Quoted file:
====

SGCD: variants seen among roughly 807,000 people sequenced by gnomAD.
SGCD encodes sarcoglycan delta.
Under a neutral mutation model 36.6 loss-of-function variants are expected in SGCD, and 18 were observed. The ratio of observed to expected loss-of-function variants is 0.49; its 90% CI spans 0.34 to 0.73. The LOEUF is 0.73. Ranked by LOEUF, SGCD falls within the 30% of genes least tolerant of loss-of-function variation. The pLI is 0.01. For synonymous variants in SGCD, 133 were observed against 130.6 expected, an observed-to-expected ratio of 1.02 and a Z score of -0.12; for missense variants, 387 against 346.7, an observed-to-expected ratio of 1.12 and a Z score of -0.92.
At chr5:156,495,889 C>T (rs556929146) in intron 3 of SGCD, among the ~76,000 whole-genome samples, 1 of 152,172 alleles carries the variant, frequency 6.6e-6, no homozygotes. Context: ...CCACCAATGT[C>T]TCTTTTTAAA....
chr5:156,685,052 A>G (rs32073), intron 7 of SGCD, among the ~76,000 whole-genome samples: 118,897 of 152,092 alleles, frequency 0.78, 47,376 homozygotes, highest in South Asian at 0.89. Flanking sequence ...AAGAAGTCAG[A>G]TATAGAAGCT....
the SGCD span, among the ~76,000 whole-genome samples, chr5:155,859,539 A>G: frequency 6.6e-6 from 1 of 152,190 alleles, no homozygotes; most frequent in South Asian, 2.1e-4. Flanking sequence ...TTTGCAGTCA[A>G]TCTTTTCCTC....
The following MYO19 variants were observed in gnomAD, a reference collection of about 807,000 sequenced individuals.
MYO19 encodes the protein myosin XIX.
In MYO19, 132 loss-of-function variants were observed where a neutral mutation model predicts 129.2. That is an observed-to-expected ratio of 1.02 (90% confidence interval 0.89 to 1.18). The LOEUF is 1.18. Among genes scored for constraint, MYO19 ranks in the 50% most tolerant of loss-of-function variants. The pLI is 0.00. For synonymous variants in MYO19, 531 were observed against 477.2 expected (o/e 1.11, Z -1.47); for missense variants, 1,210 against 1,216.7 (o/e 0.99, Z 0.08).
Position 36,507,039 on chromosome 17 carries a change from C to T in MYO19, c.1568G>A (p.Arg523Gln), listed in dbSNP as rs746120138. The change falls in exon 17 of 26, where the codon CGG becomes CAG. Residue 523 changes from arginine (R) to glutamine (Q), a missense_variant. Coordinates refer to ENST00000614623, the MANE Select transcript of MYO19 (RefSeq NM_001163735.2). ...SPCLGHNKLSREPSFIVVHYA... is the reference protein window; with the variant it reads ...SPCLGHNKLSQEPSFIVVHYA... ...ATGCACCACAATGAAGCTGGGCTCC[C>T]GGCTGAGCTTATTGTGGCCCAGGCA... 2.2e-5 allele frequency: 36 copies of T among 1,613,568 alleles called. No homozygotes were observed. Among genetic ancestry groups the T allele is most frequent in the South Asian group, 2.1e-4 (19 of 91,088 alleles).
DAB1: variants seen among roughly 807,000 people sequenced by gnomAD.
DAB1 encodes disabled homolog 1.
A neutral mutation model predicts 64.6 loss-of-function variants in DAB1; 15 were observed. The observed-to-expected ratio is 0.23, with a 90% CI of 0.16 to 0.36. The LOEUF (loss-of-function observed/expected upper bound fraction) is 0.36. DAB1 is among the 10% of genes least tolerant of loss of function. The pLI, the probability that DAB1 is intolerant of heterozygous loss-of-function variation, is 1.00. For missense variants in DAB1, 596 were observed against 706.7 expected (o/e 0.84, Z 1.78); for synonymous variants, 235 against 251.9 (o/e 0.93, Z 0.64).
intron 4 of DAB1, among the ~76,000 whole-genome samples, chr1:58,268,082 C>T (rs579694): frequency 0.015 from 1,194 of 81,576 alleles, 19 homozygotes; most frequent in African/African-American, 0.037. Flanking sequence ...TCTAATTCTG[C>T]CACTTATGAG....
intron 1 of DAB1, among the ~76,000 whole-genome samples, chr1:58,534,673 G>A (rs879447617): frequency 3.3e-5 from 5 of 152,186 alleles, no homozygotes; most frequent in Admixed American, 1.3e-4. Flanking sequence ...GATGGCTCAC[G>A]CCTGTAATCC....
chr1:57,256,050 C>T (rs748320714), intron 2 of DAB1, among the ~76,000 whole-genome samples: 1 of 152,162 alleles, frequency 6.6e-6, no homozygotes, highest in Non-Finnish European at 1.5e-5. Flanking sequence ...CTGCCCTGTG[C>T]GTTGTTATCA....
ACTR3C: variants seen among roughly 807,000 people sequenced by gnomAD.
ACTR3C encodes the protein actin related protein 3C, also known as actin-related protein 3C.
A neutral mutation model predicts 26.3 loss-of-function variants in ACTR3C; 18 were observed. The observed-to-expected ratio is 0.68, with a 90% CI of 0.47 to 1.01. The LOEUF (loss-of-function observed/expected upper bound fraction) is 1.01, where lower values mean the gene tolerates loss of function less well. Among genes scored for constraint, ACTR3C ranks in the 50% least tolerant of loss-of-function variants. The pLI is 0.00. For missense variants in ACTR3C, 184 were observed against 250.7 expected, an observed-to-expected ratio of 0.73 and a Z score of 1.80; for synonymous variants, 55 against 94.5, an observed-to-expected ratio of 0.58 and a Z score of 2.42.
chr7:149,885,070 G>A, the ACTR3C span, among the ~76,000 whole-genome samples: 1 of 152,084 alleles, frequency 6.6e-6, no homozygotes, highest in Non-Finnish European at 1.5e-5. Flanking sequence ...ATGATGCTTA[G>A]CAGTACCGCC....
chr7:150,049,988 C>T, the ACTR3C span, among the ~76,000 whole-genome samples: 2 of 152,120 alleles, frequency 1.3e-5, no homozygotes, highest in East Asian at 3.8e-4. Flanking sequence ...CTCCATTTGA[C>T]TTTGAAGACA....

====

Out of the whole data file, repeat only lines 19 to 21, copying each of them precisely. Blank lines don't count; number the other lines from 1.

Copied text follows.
A neutral mutation model predicts 26.3 loss-of-function variants in ACTR3C; 18 were observed. The observed-to-expected ratio is 0.68, with a 90% CI of 0.47 to 1.01. The LOEUF (loss-of-function observed/expected upper bound fraction) is 1.01, where lower values mean the gene tolerates loss of function less well. Among genes scored for constraint, ACTR3C ranks in the 50% least tolerant of loss-of-function variants. The pLI is 0.00. For missense variants in ACTR3C, 184 were observed against 250.7 expected, an observed-to-expected ratio of 0.73 and a Z score of 1.80; for synonymous variants, 55 against 94.5, an observed-to-expected ratio of 0.58 and a Z score of 2.42.
chr7:149,885,070 G>A, the ACTR3C span, among the ~76,000 whole-genome samples: 1 of 152,084 alleles, frequency 6.6e-6, no homozygotes, highest in Non-Finnish European at 1.5e-5. Flanking sequence ...ATGATGCTTA[G>A]CAGTACCGCC....
chr7:150,049,988 C>T, the ACTR3C span, among the ~76,000 whole-genome samples: 2 of 152,120 alleles, frequency 1.3e-5, no homozygotes, highest in East Asian at 3.8e-4. Flanking sequence ...CTCCATTTGA[C>T]TTTGAAGACA....